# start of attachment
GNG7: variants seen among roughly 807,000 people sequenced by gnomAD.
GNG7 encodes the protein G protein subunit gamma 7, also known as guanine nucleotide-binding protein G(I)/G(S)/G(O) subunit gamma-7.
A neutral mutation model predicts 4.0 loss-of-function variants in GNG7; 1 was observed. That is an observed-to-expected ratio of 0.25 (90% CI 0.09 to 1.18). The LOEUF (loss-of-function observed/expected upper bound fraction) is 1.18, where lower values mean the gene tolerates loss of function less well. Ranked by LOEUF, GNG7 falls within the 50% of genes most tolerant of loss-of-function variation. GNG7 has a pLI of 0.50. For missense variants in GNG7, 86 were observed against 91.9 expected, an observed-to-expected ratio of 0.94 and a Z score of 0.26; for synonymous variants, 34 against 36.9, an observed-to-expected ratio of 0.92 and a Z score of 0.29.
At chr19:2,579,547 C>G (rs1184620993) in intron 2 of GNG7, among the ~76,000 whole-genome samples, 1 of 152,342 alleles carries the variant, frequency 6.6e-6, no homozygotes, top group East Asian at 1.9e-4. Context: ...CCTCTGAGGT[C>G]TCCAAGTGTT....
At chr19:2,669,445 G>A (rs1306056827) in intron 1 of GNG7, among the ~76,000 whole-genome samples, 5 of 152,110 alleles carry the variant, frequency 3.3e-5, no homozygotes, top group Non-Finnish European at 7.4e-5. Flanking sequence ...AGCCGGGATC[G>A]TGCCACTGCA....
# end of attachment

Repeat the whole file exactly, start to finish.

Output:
GNG7: variants seen among roughly 807,000 people sequenced by gnomAD.
GNG7 encodes the protein G protein subunit gamma 7, also known as guanine nucleotide-binding protein G(I)/G(S)/G(O) subunit gamma-7.
A neutral mutation model predicts 4.0 loss-of-function variants in GNG7; 1 was observed. That is an observed-to-expected ratio of 0.25 (90% CI 0.09 to 1.18). The LOEUF (loss-of-function observed/expected upper bound fraction) is 1.18, where lower values mean the gene tolerates loss of function less well. Ranked by LOEUF, GNG7 falls within the 50% of genes most tolerant of loss-of-function variation. GNG7 has a pLI of 0.50. For missense variants in GNG7, 86 were observed against 91.9 expected, an observed-to-expected ratio of 0.94 and a Z score of 0.26; for synonymous variants, 34 against 36.9, an observed-to-expected ratio of 0.92 and a Z score of 0.29.
At chr19:2,579,547 C>G (rs1184620993) in intron 2 of GNG7, among the ~76,000 whole-genome samples, 1 of 152,342 alleles carries the variant, frequency 6.6e-6, no homozygotes, top group East Asian at 1.9e-4. Context: ...CCTCTGAGGT[C>G]TCCAAGTGTT....
At chr19:2,669,445 G>A (rs1306056827) in intron 1 of GNG7, among the ~76,000 whole-genome samples, 5 of 152,110 alleles carry the variant, frequency 3.3e-5, no homozygotes, top group Non-Finnish European at 7.4e-5. Flanking sequence ...AGCCGGGATC[G>A]TGCCACTGCA....